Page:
Again, this is slightly more in Dillon's realm of expertise. My understanding is that fingers back will help prepare you for MSH somewhat better, but that really isn't necessary. Your MSH practice, once you are actually ready to do such a thing, will take care of the fingers backwards preparation all by itself. I don't know of any disadvantage, besides the obvious fact that fingers backwards is harder for what seems to be the vast majority of people.

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Dillon Zrike

Flat hands would be ideal, but if that is not possible at the time use whatever hand placement allows you to do the exercise. The reason you can't use flat hands is because it requires more strength both in the shoulders pushing down and in the compression of your legs to your chest. It will develop over time. Hands forward or backward are optional except manna, which must have hands backward. Otherwise feel free to explore the different hand positions until you find what's comfortable.

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Erich Lin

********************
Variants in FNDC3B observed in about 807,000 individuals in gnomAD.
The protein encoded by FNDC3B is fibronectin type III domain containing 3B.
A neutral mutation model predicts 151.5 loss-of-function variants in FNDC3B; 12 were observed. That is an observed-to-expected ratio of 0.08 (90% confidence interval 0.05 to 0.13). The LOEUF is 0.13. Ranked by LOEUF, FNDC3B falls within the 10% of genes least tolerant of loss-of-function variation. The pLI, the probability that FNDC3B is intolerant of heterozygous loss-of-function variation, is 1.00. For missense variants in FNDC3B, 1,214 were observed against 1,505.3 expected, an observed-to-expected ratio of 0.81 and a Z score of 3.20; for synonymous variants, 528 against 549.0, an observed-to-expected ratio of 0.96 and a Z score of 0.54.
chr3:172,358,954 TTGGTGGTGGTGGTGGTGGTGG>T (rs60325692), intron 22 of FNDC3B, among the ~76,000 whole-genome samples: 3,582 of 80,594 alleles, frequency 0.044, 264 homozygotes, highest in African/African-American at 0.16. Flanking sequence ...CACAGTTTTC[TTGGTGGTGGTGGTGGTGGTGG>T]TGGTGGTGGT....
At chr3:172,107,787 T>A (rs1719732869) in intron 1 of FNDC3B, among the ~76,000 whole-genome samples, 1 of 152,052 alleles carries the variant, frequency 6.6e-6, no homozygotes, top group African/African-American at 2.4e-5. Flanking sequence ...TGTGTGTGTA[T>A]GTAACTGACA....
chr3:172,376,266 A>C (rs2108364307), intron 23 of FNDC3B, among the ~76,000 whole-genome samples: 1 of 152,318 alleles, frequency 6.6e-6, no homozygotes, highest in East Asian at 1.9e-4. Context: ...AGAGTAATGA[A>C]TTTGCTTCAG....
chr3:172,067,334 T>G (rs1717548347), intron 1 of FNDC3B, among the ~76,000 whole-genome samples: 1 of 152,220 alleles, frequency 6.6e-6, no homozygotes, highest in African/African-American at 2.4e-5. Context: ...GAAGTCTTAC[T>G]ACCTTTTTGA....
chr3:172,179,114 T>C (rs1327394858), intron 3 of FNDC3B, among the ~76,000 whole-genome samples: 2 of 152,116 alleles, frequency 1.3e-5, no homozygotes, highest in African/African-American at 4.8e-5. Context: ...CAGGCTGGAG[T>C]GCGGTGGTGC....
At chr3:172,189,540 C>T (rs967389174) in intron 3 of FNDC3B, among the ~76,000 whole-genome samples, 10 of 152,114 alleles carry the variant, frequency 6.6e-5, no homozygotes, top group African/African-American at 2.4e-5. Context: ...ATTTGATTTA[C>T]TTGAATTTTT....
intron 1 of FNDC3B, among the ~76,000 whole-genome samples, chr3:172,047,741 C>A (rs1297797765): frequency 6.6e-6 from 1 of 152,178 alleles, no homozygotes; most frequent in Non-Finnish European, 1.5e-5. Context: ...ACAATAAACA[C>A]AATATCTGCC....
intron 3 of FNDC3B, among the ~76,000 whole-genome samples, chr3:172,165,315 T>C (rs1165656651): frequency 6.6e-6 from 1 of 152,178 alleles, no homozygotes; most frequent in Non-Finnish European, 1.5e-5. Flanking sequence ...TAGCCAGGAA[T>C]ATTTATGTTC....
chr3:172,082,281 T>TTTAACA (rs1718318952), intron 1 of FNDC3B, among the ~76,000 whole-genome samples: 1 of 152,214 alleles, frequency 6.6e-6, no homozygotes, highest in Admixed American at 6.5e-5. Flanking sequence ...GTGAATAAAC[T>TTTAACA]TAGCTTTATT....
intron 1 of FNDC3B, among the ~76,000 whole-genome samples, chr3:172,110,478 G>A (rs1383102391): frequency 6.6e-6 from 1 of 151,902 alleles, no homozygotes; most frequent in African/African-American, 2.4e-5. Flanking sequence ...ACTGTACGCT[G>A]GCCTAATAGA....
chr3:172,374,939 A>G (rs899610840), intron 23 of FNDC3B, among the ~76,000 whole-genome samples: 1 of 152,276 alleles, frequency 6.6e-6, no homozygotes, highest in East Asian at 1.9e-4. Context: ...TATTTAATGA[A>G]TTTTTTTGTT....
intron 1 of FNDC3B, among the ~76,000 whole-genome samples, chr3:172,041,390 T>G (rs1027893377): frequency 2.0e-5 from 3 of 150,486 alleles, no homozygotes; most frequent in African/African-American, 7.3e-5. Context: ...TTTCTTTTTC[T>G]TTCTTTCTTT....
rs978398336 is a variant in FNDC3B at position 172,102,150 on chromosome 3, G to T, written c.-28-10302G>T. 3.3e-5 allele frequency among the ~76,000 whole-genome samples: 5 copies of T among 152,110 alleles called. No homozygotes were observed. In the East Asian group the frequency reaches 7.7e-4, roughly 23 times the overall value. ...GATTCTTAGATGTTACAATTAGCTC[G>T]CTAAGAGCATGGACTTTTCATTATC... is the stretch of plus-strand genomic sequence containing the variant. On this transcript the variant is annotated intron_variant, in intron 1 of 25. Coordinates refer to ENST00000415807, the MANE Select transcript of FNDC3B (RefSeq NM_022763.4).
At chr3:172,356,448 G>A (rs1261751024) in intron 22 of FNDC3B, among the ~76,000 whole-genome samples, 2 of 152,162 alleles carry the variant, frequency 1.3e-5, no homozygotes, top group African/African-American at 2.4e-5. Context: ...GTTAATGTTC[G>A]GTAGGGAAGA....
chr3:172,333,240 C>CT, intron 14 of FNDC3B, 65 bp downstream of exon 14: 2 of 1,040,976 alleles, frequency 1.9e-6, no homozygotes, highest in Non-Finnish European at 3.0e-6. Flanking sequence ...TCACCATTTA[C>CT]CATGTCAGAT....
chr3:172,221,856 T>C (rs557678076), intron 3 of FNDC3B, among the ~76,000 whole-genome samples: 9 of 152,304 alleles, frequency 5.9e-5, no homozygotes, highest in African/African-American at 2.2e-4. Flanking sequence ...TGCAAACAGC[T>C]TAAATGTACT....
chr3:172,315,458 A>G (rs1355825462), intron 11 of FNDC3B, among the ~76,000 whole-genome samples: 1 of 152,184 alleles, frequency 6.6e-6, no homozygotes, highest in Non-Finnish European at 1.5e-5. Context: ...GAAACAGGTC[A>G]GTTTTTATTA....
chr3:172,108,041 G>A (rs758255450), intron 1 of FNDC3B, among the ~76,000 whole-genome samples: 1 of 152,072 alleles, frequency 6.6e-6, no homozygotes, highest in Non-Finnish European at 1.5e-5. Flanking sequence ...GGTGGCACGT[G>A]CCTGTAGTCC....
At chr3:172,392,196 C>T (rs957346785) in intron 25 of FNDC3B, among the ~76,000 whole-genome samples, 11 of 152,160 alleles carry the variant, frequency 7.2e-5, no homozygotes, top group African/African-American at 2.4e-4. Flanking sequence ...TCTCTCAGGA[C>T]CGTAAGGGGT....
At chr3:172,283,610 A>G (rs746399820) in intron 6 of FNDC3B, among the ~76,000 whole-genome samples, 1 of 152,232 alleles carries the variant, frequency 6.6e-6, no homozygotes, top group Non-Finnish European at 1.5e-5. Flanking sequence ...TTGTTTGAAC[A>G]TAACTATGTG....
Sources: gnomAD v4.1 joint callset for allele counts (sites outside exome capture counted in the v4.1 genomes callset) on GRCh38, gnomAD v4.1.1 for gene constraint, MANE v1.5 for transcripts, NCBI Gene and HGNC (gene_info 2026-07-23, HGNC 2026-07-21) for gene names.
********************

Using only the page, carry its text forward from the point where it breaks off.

Thanks Dillon and slizzardman

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anhkun

dillzon can u explain to a noob "me" why manna hand placement must be backwards? is it not possible to do it facing forward?

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Joshua Naterman

You would basically be ripping the shoulder out of the socket if you tried fingers forward with manna. Fingers to the side can work, since manna can be done on PB, but fingers mostly backwards puts the shoulder in a safer position AND allows you to counterbalance better, making the manna somewhat less impossible.

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anhkun

would i want to work towards hands backwards? cos atm i cant even lift myself off the floor like that.. whereas hands sideways is piece of cake